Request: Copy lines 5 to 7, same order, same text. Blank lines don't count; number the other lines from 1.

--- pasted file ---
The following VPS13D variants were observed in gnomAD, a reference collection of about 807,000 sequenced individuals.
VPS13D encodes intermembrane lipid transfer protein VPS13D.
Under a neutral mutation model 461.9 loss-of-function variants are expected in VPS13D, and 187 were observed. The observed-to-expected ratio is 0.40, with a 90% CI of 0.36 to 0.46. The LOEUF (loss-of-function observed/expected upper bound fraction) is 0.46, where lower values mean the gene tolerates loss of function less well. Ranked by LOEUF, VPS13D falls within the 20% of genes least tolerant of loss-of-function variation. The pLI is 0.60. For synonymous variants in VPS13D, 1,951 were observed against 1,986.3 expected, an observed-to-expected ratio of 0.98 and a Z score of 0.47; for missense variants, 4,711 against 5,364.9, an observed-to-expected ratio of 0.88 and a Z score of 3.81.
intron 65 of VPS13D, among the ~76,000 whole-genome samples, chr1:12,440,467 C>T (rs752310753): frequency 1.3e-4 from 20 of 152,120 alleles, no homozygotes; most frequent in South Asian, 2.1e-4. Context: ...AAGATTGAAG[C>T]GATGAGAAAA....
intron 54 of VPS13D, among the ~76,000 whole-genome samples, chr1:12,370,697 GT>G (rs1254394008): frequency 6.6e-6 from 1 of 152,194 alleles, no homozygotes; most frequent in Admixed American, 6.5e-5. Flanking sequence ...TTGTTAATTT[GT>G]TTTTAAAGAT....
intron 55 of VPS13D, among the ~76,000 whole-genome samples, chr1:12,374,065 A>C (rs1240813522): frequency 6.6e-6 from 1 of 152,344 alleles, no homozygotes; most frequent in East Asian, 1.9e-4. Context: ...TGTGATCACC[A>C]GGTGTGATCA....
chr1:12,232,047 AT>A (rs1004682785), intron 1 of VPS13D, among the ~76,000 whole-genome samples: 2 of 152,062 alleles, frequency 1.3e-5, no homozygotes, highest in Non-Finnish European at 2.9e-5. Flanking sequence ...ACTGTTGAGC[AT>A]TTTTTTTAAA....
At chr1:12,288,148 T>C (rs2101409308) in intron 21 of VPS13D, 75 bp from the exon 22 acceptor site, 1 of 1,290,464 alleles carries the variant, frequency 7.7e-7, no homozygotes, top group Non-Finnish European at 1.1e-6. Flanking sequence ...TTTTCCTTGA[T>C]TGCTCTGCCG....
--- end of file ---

intron 54 of VPS13D, among the ~76,000 whole-genome samples, chr1:12,370,697 GT>G (rs1254394008): frequency 6.6e-6 from 1 of 152,194 alleles, no homozygotes; most frequent in Admixed American, 6.5e-5. Flanking sequence ...TTGTTAATTT[GT>G]TTTTAAAGAT....
intron 55 of VPS13D, among the ~76,000 whole-genome samples, chr1:12,374,065 A>C (rs1240813522): frequency 6.6e-6 from 1 of 152,344 alleles, no homozygotes; most frequent in East Asian, 1.9e-4. Context: ...TGTGATCACC[A>C]GGTGTGATCA....
chr1:12,232,047 AT>A (rs1004682785), intron 1 of VPS13D, among the ~76,000 whole-genome samples: 2 of 152,062 alleles, frequency 1.3e-5, no homozygotes, highest in Non-Finnish European at 2.9e-5. Flanking sequence ...ACTGTTGAGC[AT>A]TTTTTTTAAA....